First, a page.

sure that I want to change shoes every time I go for a quick jaunt to the store. But then I worry that I won’t be “used” to them for weekend rides if I don’t use them during the week. Something to consider…

I’ll keep using them for a while for sure. I really haven’t put in nearly enough miles for a full evaluation, but so far, so good!

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Commuter Bike Racing, or How to Feel Like a Man in Two Short Minutes!

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I have been guilty of commuter racing for some time now. I think the best part of it is that your opponent is usually unaware of the competition. It makes the inevitable victory so much sweeter…;)

But rarely do I get feedback from any of my valiant adversaries. I was fortunate enough to get such feedback this morning.

I catch a train at 6:14 am in San Mateo, California, which takes me to San Francisco, where I work. From the train station, I have about a two-mile trip to my office. Occasionally, I will engage in a friendly little race to my office. Again, the situation is usually that I come up to some carbon bike, or whatever, at a light and I think to myself “NONE SHALL PASS!” If you have ever seen the Black Knight from “Monty Python and the Holy Grail” you know the voice I hear in my head.

I guess I enjoy it because I am riding my steel bike with fenders, front bag, trunk bag, and propeller helmet, and I know I they think I am  slow. I get a very rewarding, and completely underserved, ego boost when I blow by them.

So on the train this morning I engage in conversation with my new commuter friend, Kent. We’re both about the same age (I’m turning 51 this Saturday). Anyway, he noticed the Randonneurs USA logo on the back of my visibility vest, and was curious about the sport.

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Ty's RUSA visibility vest. I wear this always . Every little bit helps!

He  rides a nice carbon road bike with aero bars, and rides pretty regularly, about 40 miles every weekend, and was intrigued. I gave him my “newbie” perspective, and encouraged him to ride in the SF Randonneurs Populaire this Saturday, March 31st.  He is not sure he is quite up for that yet, but does want to learn more about it. I gave him my card, in case he has any questions, or has trouble remembering how to spell “Randonneur” when he searches for more information when he gets to his office.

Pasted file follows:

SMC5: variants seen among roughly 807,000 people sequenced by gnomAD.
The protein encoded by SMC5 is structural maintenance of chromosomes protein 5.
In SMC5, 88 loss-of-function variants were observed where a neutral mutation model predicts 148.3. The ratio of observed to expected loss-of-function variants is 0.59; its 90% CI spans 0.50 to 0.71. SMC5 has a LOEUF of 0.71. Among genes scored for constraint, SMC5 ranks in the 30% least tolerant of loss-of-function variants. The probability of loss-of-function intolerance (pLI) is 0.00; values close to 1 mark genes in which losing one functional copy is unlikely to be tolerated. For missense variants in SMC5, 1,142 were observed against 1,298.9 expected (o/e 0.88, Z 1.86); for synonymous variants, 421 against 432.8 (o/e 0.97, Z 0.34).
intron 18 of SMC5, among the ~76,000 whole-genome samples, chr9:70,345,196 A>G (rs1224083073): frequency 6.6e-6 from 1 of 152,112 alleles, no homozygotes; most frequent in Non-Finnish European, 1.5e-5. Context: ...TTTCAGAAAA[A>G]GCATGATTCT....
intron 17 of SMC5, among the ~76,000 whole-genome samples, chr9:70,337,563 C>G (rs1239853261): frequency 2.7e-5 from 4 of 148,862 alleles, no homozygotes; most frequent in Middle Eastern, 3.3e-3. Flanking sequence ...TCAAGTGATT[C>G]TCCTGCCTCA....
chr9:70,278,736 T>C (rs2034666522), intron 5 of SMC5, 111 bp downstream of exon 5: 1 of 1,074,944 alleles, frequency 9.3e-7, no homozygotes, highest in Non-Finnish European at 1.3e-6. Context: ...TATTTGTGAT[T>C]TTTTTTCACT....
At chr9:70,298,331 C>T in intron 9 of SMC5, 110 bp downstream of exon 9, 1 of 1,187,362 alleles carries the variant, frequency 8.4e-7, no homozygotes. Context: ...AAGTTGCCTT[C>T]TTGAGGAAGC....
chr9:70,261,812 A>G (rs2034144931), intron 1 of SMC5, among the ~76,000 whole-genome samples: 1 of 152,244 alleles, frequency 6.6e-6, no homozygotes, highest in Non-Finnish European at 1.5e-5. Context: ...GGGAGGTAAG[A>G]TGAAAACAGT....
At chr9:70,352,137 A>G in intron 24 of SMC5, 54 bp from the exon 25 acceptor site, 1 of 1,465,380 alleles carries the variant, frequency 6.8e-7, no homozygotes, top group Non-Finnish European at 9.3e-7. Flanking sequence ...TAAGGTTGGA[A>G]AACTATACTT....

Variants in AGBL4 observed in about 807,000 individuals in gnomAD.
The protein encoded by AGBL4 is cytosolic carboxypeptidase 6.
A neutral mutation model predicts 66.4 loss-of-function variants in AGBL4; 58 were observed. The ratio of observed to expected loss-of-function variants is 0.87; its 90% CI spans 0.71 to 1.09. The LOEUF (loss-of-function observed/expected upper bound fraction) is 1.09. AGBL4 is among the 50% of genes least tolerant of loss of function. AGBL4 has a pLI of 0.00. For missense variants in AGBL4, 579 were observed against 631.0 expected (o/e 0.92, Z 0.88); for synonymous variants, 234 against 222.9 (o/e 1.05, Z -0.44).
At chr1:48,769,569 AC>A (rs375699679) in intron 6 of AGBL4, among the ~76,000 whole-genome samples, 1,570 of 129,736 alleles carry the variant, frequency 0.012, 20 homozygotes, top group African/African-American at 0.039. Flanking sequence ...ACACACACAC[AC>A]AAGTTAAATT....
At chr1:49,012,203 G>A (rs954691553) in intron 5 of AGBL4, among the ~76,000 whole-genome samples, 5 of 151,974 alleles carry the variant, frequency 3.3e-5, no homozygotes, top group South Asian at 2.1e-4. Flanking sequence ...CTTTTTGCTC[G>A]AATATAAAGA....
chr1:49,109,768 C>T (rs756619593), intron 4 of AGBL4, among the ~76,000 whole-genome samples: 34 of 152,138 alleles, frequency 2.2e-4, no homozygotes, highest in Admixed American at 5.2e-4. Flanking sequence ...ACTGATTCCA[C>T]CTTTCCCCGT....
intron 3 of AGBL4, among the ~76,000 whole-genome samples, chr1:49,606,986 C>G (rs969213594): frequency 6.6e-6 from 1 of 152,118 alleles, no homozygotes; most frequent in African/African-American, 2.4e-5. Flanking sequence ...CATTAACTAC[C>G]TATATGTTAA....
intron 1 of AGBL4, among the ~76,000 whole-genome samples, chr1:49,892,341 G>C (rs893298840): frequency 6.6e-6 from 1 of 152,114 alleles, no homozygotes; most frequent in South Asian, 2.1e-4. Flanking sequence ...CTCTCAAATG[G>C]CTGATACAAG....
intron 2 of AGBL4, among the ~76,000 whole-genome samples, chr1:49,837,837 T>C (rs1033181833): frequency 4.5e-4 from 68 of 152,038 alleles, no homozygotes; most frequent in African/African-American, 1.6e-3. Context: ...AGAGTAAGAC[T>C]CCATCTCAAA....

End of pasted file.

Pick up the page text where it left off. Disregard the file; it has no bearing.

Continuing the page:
So the train arrives, we both pack up, and leave separately. He was ahead of me at the first light. When I pulled away he said “Hey! I came up behind you the other day. I thought, ‘I can beat this guy, steel bike, fenders, propeller on the helmet’ … and then I couldn’t keep up! That wasn’t right!”

We both laughed and I told him that I did the same thing with my folding bike, a Bike Friday Tikit http://www.bikefriday.com/bicycles/commuter, as the smaller wheels actually accelerate faster from a stop.

I also told him that  in my opinion, carbon bikes don’t have all that much advantage in the scheme of things. He had asked me earlier if he needed to get a special bike for randonneuring and I had told him that though the classic randonneur bike is steel with fenders, there are plenty of people out there in full carbon bikes, etc.  It is really personal preference.

So yes, I am a commuter racer. I know it is silly, and I know my shrink would probably have something to say about it, but I do try to keep it safe. I don’t blow through red lights, and I don’t cut in and out of traffic. It makes it fun, and also makes the short ride at least a bit of a workout.

Funny thing, but with the randonneurs,  I’m pretty slow, a regular Lantern Rouge. But  on the wild and wooly streets of San Francisco, fighting the commuter biker wars, I’m Lance Armstrong… or maybe Bob Roll?